Wanted to know how tracking devices work, and hence what equipment and or service is needed.
My insurance company asked if I had a tracking device on my motorbike. Am guessing they use GPS, and hence could communicate with a smart phone maybe my desktop at the hardware level; would I need an app (hopefully free) or service.
Clearly this needn’t be limited to m/bikes, could be anything of significant value that might get trucked elsewhere when stolen.
Various kinds - most common/affordable ones seem to use the mobile network to transmit tracking information received via GPS. Some devices are very cheap, others not so - some standalone, some integrated with alarm/etc …
Some offer centralised tracking, some just send you the details directly (SMS for example), remote kill switch for ignition … sadly I haven’t seen one that offers remote pepper spray or taser, but I imagine there are legal problems with this
One thing to consider is that particularly for motorcycles the organised gangs are onto this kind of thing - a small van makes a great faraday cage and especially on naked bikes the devices are fairly easy to spot and remove. Even if they are battery backed, there’s a chance you will be recovering your tracking device in a bin or by the side of the road. Cars are more difficult to treat this way …
Another consideration is how the unit contacts you or the base - mobile coverage may be fairly useless if you live in a rural or remote area … Make sure anything you consider works in Australia
A quick search finds many - possibly a good topic for a Choice test? A couple from the top of my search results just now:
Your point about Choice doing something seems very pertinent. From your comments it seems like their are quite few things to take into account, as well as device testing, ie, just what ACA is about.
We have tested personal tracking devices, the type you might want a child or elderly relative to wear. Automotive tracking is not one of our priorities at the moment, but I’ll certainly bring it up again within our team. Thanks for the suggestion !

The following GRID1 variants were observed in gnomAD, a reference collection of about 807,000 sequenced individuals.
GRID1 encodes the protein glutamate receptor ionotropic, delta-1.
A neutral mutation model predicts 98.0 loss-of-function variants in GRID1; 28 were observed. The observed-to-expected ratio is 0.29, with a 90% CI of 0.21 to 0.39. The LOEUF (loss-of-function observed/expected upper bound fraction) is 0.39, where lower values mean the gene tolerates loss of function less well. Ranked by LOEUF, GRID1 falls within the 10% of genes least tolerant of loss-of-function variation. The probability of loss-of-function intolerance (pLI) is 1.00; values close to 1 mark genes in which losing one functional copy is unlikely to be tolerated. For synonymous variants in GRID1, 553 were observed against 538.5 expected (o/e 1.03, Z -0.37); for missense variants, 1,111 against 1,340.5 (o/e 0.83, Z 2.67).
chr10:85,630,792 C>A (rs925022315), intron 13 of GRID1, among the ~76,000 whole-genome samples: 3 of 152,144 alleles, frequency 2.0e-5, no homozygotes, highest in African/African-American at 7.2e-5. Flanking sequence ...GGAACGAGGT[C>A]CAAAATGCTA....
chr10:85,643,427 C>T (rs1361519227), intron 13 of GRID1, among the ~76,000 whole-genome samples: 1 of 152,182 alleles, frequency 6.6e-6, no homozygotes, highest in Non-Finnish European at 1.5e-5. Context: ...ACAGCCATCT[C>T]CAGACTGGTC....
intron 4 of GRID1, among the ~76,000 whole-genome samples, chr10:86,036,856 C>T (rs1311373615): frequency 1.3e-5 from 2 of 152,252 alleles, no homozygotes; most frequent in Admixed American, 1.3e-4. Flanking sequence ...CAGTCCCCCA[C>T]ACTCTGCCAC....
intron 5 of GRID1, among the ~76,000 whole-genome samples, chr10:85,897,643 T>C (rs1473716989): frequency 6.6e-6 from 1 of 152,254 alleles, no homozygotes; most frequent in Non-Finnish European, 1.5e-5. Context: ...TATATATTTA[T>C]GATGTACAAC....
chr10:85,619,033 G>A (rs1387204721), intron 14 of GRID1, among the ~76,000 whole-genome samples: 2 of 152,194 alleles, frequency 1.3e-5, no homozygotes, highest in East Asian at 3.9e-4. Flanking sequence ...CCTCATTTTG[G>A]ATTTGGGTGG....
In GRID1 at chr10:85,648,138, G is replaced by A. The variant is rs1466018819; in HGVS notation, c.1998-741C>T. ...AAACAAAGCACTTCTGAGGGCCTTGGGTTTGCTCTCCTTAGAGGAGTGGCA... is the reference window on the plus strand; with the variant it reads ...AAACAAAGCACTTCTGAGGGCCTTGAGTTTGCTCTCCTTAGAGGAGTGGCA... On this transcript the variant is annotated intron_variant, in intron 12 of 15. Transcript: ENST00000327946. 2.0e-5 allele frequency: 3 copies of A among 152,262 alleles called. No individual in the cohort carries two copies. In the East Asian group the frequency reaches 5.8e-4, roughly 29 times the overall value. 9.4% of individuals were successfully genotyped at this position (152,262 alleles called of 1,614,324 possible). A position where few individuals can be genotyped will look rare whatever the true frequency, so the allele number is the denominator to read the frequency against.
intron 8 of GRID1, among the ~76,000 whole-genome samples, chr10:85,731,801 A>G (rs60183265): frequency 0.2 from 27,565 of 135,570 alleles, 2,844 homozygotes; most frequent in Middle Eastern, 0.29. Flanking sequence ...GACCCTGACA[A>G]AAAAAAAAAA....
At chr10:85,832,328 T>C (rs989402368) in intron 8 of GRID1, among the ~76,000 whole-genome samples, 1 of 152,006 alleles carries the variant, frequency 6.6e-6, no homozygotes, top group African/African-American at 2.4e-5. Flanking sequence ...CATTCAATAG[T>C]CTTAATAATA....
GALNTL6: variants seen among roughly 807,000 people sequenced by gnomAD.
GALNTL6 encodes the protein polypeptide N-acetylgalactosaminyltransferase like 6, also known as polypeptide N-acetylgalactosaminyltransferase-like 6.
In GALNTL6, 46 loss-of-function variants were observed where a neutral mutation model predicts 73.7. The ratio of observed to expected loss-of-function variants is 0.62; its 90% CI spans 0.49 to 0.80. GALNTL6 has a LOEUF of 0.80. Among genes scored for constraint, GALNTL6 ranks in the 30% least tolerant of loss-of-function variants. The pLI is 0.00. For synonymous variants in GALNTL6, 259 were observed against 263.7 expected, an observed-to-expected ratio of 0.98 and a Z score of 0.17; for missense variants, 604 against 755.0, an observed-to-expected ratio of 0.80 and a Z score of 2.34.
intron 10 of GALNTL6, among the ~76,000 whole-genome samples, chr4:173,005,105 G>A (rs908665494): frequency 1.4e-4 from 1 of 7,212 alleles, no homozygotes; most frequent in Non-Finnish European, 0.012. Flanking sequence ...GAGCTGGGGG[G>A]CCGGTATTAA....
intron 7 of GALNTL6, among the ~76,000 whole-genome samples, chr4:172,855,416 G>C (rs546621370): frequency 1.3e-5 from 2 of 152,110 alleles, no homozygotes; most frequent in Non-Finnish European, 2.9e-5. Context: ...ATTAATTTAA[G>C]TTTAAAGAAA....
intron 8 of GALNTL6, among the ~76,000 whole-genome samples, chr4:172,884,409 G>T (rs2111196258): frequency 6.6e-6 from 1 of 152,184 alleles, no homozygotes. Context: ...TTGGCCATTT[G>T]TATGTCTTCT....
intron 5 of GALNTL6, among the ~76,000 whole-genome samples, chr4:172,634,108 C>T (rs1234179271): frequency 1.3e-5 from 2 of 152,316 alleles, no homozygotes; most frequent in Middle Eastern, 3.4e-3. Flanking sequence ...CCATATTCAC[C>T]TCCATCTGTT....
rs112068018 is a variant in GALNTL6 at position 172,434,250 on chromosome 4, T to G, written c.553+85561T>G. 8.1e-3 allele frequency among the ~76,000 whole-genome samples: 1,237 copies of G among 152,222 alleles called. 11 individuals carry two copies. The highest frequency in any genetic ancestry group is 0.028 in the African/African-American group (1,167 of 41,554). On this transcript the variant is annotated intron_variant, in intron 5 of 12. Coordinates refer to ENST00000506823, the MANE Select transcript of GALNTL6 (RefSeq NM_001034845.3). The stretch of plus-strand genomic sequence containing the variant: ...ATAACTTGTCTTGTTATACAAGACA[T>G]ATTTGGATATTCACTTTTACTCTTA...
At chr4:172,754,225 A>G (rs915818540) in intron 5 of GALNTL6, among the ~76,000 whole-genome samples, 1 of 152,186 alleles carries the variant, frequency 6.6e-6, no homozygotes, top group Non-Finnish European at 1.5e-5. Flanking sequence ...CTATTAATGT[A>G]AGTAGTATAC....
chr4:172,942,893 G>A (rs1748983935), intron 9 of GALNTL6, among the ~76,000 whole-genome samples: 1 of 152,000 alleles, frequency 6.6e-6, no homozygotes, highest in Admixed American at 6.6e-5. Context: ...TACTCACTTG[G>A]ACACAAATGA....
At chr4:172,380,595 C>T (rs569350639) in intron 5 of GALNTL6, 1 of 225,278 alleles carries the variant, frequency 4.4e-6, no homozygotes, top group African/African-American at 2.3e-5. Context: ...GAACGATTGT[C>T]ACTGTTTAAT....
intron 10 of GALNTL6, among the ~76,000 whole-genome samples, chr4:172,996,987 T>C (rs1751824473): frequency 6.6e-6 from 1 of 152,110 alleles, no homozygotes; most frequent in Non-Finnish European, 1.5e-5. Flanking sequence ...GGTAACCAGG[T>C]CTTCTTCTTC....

It might also be useful to know if any particular devices if correctly installed can reduce your insurance premiums. They devices may be very popular with certain car enthusiasts and owners of rare or valuable vehicles. Although to boast you have such a device fitted might not be too wise?
Less objectively our 14 year old shopping centre battle scarred Toyota only seems to attract shopping trolleys and vehicles with near sighted drivers. Is the gold standard objective test of how well the devices work, leaving say a Ferrari F40 in a car park unlocked, testing the tracking and then later the remote immobiliser? Sorry that I can only loan you the Toyota,
Another consideration that needs highlighting: @draughtrider) mentioned about being in or out of mobile phone coverage. The devices communicate via the mobile phone towers, so you must also allow for the monthly cost of a SIM card and data usage by the device.
When I looked some time ago, I couldn’t find any cheap plan for these tracking devices that just sit there and use a very small amount of data over the course of a month. Maybe things have changed.
You might compare the data needs to a long term prepaid account.
Optus offer a BYO plan $30 for 6 months with data charged at 5c per MB.
Perhaps that is enough. Knowing the typical daily data usage of any device tested would also be useful in assessing of a low cost plan is adequate.
Tile is a product probably more useful for things that you might misplace, rather than a tracking solution. To be able to track a Tile, there needs to be other users of the Tile app in the vicinity of the object. It probably works quite well in heavily populated parts of the USA, but maybe less so in Australia.
I bought some TrackRs a few years ago, thinking they would be useful for keeping track of our dogs if they ever escaped their prison/luxurious abode. You need to have the app on your phone, and as with Tiles they rely upon crowd-sourced Bluetooth location.
These devices may be okay in city centres, but according to their online Crowd Locate map (under How it works) the 'burbs are much less well covered.